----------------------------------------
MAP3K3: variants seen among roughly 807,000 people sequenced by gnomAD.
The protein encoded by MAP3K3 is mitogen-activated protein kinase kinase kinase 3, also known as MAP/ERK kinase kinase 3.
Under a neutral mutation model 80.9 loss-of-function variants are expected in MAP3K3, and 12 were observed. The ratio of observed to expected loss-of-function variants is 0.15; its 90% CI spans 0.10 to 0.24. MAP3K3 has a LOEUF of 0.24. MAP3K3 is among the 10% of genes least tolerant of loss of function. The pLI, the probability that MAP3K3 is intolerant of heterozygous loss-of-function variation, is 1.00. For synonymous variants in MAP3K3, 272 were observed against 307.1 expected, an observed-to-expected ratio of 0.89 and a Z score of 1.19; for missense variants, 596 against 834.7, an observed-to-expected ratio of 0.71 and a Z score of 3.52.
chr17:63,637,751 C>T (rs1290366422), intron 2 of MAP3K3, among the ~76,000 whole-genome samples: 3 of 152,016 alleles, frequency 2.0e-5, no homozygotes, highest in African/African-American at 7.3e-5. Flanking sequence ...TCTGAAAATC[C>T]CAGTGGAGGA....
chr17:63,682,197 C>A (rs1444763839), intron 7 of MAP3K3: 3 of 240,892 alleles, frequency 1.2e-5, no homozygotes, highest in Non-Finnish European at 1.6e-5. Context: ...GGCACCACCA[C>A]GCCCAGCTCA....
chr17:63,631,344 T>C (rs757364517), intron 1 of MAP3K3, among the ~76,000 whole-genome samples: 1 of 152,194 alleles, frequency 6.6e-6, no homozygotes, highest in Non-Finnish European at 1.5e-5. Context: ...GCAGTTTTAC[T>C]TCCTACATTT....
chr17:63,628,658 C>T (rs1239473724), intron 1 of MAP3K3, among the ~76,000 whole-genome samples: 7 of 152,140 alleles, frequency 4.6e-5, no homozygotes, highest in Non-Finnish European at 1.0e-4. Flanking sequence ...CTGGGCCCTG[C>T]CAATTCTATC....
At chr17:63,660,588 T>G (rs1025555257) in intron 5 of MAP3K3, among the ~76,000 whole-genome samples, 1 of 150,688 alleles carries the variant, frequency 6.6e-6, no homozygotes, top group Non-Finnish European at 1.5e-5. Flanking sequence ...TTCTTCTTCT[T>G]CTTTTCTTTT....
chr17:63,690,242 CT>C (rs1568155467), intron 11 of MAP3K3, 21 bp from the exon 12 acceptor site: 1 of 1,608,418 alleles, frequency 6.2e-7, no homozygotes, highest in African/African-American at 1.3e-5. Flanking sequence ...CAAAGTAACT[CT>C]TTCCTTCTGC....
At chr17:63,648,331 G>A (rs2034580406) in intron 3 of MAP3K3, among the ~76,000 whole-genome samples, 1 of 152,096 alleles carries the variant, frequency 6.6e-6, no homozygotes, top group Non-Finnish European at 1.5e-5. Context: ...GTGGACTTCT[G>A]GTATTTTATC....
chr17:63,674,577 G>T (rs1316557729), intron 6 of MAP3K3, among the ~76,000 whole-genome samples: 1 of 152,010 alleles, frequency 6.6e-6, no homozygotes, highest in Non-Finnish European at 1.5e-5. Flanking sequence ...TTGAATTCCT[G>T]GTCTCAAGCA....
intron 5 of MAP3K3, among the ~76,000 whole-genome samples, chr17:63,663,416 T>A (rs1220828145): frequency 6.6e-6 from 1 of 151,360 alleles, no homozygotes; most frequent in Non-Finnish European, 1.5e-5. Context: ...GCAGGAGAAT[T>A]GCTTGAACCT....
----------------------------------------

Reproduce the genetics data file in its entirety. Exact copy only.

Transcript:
MAP3K3: variants seen among roughly 807,000 people sequenced by gnomAD.
The protein encoded by MAP3K3 is mitogen-activated protein kinase kinase kinase 3, also known as MAP/ERK kinase kinase 3.
Under a neutral mutation model 80.9 loss-of-function variants are expected in MAP3K3, and 12 were observed. The ratio of observed to expected loss-of-function variants is 0.15; its 90% CI spans 0.10 to 0.24. MAP3K3 has a LOEUF of 0.24. MAP3K3 is among the 10% of genes least tolerant of loss of function. The pLI, the probability that MAP3K3 is intolerant of heterozygous loss-of-function variation, is 1.00. For synonymous variants in MAP3K3, 272 were observed against 307.1 expected, an observed-to-expected ratio of 0.89 and a Z score of 1.19; for missense variants, 596 against 834.7, an observed-to-expected ratio of 0.71 and a Z score of 3.52.
chr17:63,637,751 C>T (rs1290366422), intron 2 of MAP3K3, among the ~76,000 whole-genome samples: 3 of 152,016 alleles, frequency 2.0e-5, no homozygotes, highest in African/African-American at 7.3e-5. Flanking sequence ...TCTGAAAATC[C>T]CAGTGGAGGA....
chr17:63,682,197 C>A (rs1444763839), intron 7 of MAP3K3: 3 of 240,892 alleles, frequency 1.2e-5, no homozygotes, highest in Non-Finnish European at 1.6e-5. Context: ...GGCACCACCA[C>A]GCCCAGCTCA....
chr17:63,631,344 T>C (rs757364517), intron 1 of MAP3K3, among the ~76,000 whole-genome samples: 1 of 152,194 alleles, frequency 6.6e-6, no homozygotes, highest in Non-Finnish European at 1.5e-5. Context: ...GCAGTTTTAC[T>C]TCCTACATTT....
chr17:63,628,658 C>T (rs1239473724), intron 1 of MAP3K3, among the ~76,000 whole-genome samples: 7 of 152,140 alleles, frequency 4.6e-5, no homozygotes, highest in Non-Finnish European at 1.0e-4. Flanking sequence ...CTGGGCCCTG[C>T]CAATTCTATC....
At chr17:63,660,588 T>G (rs1025555257) in intron 5 of MAP3K3, among the ~76,000 whole-genome samples, 1 of 150,688 alleles carries the variant, frequency 6.6e-6, no homozygotes, top group Non-Finnish European at 1.5e-5. Flanking sequence ...TTCTTCTTCT[T>G]CTTTTCTTTT....
chr17:63,690,242 CT>C (rs1568155467), intron 11 of MAP3K3, 21 bp from the exon 12 acceptor site: 1 of 1,608,418 alleles, frequency 6.2e-7, no homozygotes, highest in African/African-American at 1.3e-5. Flanking sequence ...CAAAGTAACT[CT>C]TTCCTTCTGC....
At chr17:63,648,331 G>A (rs2034580406) in intron 3 of MAP3K3, among the ~76,000 whole-genome samples, 1 of 152,096 alleles carries the variant, frequency 6.6e-6, no homozygotes, top group Non-Finnish European at 1.5e-5. Context: ...GTGGACTTCT[G>A]GTATTTTATC....
chr17:63,674,577 G>T (rs1316557729), intron 6 of MAP3K3, among the ~76,000 whole-genome samples: 1 of 152,010 alleles, frequency 6.6e-6, no homozygotes, highest in Non-Finnish European at 1.5e-5. Flanking sequence ...TTGAATTCCT[G>T]GTCTCAAGCA....
intron 5 of MAP3K3, among the ~76,000 whole-genome samples, chr17:63,663,416 T>A (rs1220828145): frequency 6.6e-6 from 1 of 151,360 alleles, no homozygotes; most frequent in Non-Finnish European, 1.5e-5. Context: ...GCAGGAGAAT[T>A]GCTTGAACCT....